Detroit News, January 8, 1984; April 21, 1985.

Editor and Publisher, August 10, 1991, Hiley Ward, review of Rumor Has It, p. 25.

Kirkus Reviews, November 1, 1990, review of Rumor Has It, p. 1478; November 1, 2002, review of A Shortcut in Time, p. 1577.

Library Journal, October 1, 1983; November 15, 1990, Robert H. Donahugh, review of Rumor Has It, p. 90; January, 2003, Jennifer Baker, review of A Shortcut in Time, p. 152.

Los Angeles Times, December 20, 1983.

Los Angeles Times Book Review, June 23, 1985; August 26, 1990, review of The Widows' Adventures, p. 10; January 20, 1991, review of Rumor Has It, p. 6.

New Yorker, May 13, 1991, review of Rumor Has It, p. 110.

New York Times, November 8, 1983; April 26, 1985; May 2, 1987; January 31, 1991, review of Rumor Has It, p. C22.

New York Times Book Review, November 13, 1983; June 30, 1985; June 21, 1987; January 20, 1991, David Murray, review of Rumor Has It, p. 12; January 31, 1991, Christopher Lehmann-Haupt, review of Rumor Has It, p. B2; April 5, 1992, review of Rumor Has It, p. 28.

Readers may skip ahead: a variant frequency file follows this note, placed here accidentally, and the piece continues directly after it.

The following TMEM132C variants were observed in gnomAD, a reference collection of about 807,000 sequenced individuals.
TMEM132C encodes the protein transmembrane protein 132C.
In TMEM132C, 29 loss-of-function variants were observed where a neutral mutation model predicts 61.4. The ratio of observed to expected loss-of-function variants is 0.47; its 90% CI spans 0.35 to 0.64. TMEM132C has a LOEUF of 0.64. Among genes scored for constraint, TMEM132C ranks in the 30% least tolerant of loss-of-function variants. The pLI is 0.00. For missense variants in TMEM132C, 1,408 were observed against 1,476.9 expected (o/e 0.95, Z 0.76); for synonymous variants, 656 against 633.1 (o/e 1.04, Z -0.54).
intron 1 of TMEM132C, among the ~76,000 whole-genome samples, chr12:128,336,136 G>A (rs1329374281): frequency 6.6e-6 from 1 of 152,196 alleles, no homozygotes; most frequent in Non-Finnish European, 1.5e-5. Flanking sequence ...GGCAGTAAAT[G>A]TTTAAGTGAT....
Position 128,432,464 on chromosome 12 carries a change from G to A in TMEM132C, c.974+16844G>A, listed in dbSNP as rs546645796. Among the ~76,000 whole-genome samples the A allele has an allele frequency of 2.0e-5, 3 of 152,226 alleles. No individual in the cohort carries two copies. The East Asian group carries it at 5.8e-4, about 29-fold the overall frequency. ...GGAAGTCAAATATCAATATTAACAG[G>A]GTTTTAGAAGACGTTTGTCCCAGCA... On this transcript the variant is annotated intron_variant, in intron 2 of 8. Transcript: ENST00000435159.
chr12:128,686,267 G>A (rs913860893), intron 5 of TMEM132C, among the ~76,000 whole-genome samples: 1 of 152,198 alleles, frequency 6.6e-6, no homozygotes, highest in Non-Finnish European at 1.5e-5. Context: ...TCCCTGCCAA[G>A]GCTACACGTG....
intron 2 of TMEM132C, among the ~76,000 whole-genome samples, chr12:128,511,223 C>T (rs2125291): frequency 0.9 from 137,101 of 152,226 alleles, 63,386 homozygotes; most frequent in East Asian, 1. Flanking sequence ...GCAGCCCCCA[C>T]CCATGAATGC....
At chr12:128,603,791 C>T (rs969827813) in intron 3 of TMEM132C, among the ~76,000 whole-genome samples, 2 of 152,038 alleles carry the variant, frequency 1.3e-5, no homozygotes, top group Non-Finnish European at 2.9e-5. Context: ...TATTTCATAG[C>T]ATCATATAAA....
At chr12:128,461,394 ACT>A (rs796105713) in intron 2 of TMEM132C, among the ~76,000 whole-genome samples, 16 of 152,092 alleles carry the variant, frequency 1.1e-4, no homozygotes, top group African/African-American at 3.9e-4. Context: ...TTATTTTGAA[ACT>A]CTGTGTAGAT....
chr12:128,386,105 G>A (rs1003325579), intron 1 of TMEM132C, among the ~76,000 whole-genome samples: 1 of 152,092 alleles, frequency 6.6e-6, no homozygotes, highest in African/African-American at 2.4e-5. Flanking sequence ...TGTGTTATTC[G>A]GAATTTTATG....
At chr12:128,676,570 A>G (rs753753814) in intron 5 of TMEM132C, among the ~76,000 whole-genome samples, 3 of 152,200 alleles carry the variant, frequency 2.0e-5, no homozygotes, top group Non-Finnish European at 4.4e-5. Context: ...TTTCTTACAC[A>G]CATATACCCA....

Publishers Weekly, July 27, 1990, review of The Widows' Adventures, p. 22; November 23, 1990, review of Rumor Has It, pp. 54-56; February 8, 1991, Molly McQuade, "Charles Dickinson: The Journalist and Novelist Combines Both Worlds in His Funny, Controversial New Book," p. 40; March 2, 1992, review of Rumor Has It, p. 63; November 18, 2002, review of A Shortcut in Time, pp. 42-44.

Times Literary Supplement, November 22, 1985.

Tribune Books, April 19, 1987; January 6, 1991, review of Rumor Has It, p. 1; January 13, 1991, review of Rumor Has It, p. 3; April 12, 1992, review of Rumor Has It, p. 8.

Washington Post, April 29, 1987.

Washington Post Book World, January 1, 1984.

Washington State Bar News, August, 1992, Lindsay Thompson, review of Rumor Has It, pp. 57-59.*